You can have a bit that makes no sense. “Guilty Party” makes other absurdist elements work. A wannabe Tiger King character named Wyatt who’s inches away from being a David Spade sketch helps create a sequence that’s both tense and funny. What you can’t do is stick a bit in that so thoroughly undercuts the most foundational piece of who Beth is, especially when that’s the only piece of an unreliable protagonist that anchors us to her. Beth’s attempted prison bribe is a situational premise that could have been pulled off by a Rebel Wilson or Will Ferrell in the kinds of comedies they’re best known for making. That doesn’t mean it fits here. “Guilty Party” wants to have a consistent, consequential world, so when it does something like the prison bribe scene, the comedy has zero chance of working because it doesn’t fit the world, the show, or the character.

I really do think Beckinsale saves the series, and gives a performance worth watching. That said, I have a hard time seeing “Guilty Party” work with most actors in the lead because of the show around it. The ensemble is fine – especially Jules Latimer’s imprisoned Toni, Madeleine Arthur’s editor Amber, Andre Hyland’s Wyatt, and coworkers played by Djouliet Amara and Tiya Sircar. It’s the writing that too often stumbles.

For the discussions about privilege it wants to have, it stretches too far into comedic scenes that undercut its foundation. There’s still a good comedy here without those scenes, and probably a much more pointed one. If you expand social criticism into the entire show, then the comedy needs to be a lot more precise than this is. “Guilty Party” has these themes embodied in its characters; it should trust this more and bring the comedy closer to them.

I plan to keep watching. There’s enough interesting possibility for where “Guilty Party” could go, and Beckinsale is doing a superb job of making the series work better than it should.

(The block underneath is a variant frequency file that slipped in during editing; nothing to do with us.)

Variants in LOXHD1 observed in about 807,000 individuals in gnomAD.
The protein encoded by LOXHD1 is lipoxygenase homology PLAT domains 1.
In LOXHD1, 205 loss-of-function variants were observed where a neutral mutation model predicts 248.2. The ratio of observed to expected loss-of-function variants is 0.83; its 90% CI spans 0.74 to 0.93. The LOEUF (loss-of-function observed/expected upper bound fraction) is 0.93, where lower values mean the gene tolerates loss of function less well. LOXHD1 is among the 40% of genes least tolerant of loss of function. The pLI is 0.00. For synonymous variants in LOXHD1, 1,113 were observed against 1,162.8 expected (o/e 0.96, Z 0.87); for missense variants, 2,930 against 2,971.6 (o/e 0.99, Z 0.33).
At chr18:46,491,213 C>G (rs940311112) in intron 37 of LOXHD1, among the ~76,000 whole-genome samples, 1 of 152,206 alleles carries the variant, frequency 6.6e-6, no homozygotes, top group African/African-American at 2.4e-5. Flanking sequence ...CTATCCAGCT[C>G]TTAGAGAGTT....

Enough of the dialogue and Beckinsale’s physical comedy works to still sell the comedic elements. Where Beckinsale really excels is by pinpointing the themes of the show and giving us a character who zig-zags around them so much that we won’t be surprised if she serves them or opposes them. This could be a redemptive tale about two women wronged by very different systems, a black comedy “House of Cards” about someone who plays the victim brilliantly, or half of each. Beth could be innocent and idealistic, or manipulative and egotistical. Or all of the above. This takes what would otherwise be a very watchable but unremarkable series and turns it into something genuinely intriguing.

Just like I don’t know what to think of Beth, I can’t tell whether “Guilty Party” is going to land where it wants. I won’t be surprised if it begins zeroing in on its social critiques much more effectively. I also won’t be surprised if it screws up the conversations it wants to have. I won’t be surprised if it gets more cohesive and gels around the irreverent, manipulative performance Beckinsale is giving. I won’t be surprised if it continues to undercut its themes and that performance trying to out-comedy the parts of it that are already pointed and funny.

I’m pretty sure “Guilty Party” knows what it wants to be thematically. Hiding what this is behind an unreliable protagonist doesn’t change that, but it does require some patience. That it’s so imprecise about what it wants to be tonally does give me some pause about how effective it will be about landing those thematic reveals.

I plan to keep watching, but consider it a light recommendation.

It’s a watch if that sounds intriguing, and you’re willing to let a series into your life that needs leeway before showing you what it is. It’s a watch if you’re a Beckinsale fan – it’s refreshing to see her flex her acting chops this way.

Alternately, it’s not a watch if you can’t place that kind of trust or time in a series before knowing if it’s worth it. If you couldn’t care less about Beckinsale, this is unlikely to change that.

You can watch “Guilty Party” on Paramount+. New episodes arrive every Thursday.